He’s got the whole world in his hands — the commercial ecosystem of the community
According to facebook, as of April 2019, more than 400 million people are members of groups that they consider significant. In February 2017 the number was only 100 million.
We are all members of groups, but when our engagement in a group is meaningful to us, we usually refer to it as a “community.” In my last article about online “tribes” I discussed the fact that each aspect of our lives finds its place in a different community. Our “professional self” is part of a professional group. The “mom” in us is part of a parents’ community, the “neighbor” in us is a part of my neighborhood social app and so on.
For most of us, these communities now function as the main media channel: this is where we consume news, network with others, make new friends, and do business.
The impact that traditional media channels once had is now almost entirely in the hands of our social peer groups, and these groups affects the way we all think and act, the way we do business, and our consumption patterns.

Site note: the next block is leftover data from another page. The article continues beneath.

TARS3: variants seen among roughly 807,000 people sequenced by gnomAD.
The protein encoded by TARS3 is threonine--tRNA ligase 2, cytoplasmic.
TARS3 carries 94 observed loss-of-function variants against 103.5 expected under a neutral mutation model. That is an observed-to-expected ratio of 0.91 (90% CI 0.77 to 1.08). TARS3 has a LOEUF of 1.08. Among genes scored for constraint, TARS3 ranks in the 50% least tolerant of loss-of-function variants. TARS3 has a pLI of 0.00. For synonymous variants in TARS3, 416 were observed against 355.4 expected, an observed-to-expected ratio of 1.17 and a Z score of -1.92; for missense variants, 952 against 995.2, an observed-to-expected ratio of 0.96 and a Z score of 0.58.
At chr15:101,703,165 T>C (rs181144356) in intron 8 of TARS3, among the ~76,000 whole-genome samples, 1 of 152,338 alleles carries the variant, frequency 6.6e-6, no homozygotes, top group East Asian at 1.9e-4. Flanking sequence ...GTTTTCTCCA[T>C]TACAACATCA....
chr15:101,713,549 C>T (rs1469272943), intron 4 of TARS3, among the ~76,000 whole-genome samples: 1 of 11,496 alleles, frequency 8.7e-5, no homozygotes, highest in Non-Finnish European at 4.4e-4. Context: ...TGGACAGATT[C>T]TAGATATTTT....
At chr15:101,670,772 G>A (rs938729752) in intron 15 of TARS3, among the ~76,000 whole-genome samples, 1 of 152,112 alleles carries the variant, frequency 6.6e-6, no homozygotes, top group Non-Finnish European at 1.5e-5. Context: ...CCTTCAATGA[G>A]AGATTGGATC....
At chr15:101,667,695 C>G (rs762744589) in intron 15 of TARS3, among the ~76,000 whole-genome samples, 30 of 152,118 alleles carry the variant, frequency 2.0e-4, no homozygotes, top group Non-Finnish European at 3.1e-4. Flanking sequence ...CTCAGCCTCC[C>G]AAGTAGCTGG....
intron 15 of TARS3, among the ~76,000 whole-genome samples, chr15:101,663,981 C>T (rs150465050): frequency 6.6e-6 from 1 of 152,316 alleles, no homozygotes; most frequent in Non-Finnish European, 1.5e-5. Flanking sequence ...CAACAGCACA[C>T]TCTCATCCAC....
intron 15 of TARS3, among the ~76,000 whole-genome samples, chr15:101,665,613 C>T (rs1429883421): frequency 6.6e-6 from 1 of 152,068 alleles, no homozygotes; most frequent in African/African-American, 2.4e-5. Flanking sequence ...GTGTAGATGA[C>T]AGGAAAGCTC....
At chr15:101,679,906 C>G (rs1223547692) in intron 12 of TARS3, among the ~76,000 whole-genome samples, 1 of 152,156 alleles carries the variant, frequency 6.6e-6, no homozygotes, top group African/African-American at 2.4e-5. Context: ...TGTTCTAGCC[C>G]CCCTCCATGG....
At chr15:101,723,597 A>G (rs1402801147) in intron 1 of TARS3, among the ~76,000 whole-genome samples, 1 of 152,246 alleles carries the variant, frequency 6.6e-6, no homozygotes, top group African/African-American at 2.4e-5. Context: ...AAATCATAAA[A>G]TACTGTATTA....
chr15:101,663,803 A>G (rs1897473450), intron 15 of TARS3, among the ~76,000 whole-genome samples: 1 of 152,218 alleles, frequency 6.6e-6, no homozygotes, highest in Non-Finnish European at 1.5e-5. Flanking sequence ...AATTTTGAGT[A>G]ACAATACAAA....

Online communities, besides serving as their own efficient media channels, are also active marketplaces of businesses, professionals, talents, and opportunities.
Each of these networks runs its own commercial ecosystem.
When I onboard new community leader into Comonetize, I always ask them to map out the interests of their community, to figure out who gains the most from interactions in it. This is not possible for all communities. Some are dedicated to support and social matters, but many communities present a very clear map of interests and I’ll give some examples:
Moms shopping together — the moms’ interest is to find the best deals on different products. The interest of sellers is to be featured to the community members. Would they pay for it? I think they would.
AI algorithm developers — the developers’ interest is to consult with each other, but also to get new opportunities and job offers. The interest of recruiters who are part of the group is to reach this well-targeted audience and recruit them. Would they pay to reach these developers? I think they would.
Local neighborhood group — the residents’ interest is to interact with people and businesses around them. The interest of the businesses is to be recommended and featured.
And it goes on and on.
Like any other virtual space, groups and communities require dedicated management. But what happens when the hard work of the manager doesn’t pay off? The group becomes less moderated, sometimes feels unsafe and finally becomes irrelevant and dies.
There are many ways in which community leaders can create a sustainable business model that will support their work and help the community’s interest map to thrive.
Comonetize is just one of them. So if you’re a community leader, we’d like to invite you to talk with us and check out our community monetizing product.